The Evolution of Paper Money
This paper tells the story of how paper money evolved as a result of lending by banks. While lending commodity money requires holding large reserves of commodity money to ensure liquidity, issuing convertible paper money reduces these costs significantly. The paper also examines the possibility of issuing inconvertible notes and shows that while they further reduce the cost of borrowing they also have adverse effects on the stability of the banking system. As a result, governments often intervened, either outlawing the issuance of such notes, or monopolizing them for themselves by issuing fiat money. The paper examines the process of creation of paper money, but also sheds light on more general issues, like the relation between money and financial intermediation.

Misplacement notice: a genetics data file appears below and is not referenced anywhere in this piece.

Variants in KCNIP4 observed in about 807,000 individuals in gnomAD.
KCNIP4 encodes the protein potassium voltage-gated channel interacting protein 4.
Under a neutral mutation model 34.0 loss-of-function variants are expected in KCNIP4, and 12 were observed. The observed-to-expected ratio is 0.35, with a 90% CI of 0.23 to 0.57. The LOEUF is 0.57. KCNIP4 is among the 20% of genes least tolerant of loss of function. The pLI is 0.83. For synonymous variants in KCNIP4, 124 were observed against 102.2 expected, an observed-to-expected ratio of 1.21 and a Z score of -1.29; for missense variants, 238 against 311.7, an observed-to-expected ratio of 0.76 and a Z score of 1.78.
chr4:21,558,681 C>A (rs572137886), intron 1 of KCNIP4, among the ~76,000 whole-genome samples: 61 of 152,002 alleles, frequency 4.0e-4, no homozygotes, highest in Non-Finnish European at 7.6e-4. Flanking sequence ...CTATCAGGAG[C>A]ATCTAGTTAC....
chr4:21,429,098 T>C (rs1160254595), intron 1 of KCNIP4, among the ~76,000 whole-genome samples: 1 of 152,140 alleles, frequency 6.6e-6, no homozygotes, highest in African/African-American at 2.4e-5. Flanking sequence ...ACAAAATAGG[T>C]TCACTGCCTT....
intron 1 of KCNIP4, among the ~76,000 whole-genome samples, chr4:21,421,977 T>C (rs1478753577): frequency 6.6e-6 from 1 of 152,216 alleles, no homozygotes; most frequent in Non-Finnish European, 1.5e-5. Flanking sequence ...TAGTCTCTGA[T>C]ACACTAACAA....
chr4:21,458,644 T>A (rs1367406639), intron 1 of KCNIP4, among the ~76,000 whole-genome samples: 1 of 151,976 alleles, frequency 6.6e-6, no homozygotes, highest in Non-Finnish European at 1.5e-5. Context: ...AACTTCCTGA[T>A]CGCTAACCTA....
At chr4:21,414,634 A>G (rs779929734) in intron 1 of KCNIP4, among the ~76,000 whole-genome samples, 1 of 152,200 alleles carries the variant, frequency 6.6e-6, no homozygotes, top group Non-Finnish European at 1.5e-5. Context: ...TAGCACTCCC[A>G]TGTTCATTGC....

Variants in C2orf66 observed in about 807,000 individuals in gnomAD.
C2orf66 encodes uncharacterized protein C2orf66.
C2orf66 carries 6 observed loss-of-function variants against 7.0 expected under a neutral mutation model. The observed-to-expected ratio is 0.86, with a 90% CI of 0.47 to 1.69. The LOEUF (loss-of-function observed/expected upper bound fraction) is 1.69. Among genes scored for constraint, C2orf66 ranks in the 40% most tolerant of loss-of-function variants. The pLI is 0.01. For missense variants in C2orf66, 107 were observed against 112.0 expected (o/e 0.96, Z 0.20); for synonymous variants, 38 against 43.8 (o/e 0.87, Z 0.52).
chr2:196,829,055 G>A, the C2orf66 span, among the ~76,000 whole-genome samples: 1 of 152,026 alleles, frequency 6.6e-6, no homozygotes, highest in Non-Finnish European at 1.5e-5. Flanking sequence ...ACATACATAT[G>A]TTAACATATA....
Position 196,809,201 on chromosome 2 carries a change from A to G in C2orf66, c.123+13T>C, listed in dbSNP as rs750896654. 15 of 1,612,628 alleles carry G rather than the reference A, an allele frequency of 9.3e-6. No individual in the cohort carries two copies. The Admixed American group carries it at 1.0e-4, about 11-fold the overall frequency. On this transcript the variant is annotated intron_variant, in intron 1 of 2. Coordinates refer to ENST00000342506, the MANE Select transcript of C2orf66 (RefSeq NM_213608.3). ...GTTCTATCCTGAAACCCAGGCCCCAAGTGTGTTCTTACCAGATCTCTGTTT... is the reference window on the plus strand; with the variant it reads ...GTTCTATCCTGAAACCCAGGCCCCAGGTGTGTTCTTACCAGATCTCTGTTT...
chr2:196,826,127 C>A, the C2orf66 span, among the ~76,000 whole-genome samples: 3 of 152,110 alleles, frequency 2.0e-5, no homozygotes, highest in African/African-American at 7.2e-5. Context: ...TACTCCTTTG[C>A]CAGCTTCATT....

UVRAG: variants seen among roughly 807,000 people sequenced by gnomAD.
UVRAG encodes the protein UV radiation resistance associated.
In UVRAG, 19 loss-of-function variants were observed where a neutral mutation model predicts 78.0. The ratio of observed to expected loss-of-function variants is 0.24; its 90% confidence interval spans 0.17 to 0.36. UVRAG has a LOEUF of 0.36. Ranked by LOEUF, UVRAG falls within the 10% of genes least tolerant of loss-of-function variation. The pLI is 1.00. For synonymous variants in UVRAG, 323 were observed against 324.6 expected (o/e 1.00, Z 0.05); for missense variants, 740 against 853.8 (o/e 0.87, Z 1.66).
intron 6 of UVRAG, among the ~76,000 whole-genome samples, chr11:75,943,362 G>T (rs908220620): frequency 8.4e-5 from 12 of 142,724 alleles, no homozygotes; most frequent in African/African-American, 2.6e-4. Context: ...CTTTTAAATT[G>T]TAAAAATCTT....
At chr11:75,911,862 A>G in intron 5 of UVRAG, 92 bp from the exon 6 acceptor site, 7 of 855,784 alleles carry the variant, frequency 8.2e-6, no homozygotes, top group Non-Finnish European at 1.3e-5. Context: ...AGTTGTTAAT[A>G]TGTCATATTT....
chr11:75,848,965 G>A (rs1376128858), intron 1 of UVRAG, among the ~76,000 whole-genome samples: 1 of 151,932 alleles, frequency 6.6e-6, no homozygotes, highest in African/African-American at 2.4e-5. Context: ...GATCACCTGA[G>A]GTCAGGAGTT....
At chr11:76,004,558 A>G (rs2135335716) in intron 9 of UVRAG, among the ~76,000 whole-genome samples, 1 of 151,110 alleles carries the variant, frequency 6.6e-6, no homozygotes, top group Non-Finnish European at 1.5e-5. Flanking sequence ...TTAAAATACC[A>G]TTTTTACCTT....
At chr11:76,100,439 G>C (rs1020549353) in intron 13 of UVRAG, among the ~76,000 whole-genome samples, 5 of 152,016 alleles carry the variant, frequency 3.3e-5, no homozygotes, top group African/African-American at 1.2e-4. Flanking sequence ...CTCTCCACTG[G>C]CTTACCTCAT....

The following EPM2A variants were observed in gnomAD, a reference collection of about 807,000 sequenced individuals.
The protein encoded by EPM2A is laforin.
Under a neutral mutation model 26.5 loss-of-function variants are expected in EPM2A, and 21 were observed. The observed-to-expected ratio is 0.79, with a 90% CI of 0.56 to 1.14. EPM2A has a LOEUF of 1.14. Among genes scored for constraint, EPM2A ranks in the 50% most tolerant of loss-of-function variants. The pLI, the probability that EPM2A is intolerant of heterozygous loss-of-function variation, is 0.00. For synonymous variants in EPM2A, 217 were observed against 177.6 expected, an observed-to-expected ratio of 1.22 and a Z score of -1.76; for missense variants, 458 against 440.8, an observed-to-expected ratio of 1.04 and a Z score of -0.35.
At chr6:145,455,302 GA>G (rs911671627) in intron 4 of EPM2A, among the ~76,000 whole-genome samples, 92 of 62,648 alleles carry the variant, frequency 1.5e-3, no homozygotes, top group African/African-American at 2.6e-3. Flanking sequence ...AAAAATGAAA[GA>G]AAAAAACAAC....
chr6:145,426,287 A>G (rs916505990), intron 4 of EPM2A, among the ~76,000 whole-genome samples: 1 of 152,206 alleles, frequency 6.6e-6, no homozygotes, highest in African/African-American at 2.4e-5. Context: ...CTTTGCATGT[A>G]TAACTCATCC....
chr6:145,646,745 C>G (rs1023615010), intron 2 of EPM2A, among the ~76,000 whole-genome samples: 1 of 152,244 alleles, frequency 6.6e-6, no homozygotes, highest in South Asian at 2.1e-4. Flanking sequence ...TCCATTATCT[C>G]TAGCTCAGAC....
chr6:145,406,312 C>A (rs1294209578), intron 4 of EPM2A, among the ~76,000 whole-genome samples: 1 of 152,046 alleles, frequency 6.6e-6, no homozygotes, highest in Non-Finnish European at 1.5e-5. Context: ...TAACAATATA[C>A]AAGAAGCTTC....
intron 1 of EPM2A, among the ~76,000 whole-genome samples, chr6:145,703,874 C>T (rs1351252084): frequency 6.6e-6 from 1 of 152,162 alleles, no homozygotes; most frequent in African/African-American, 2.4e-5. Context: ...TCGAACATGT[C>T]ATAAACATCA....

|Date of creation:||Jul 2009|
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References listed on IDEAS
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- George Selgin, 2003. "Adaptive Learning and the Transition to Fiat Money," Economic Journal, Royal Economic Society, vol. 113(484), pages 147-165, January.
- Ping He & Lixin Huang & Randall Wright, 2005. "Money And Banking In Search Equilibrium," International Economic Review, Department of Economics, University of Pennsylvania and Osaka University Institute of Social and Economic Research Association, vol. 46(2), pages 637-670, 05.
- Luo, Guo Ying, 1998. "The evolution of money as a medium of exchange," Journal of Economic Dynamics and Control, Elsevier, vol. 23(3), pages 415-458, November.
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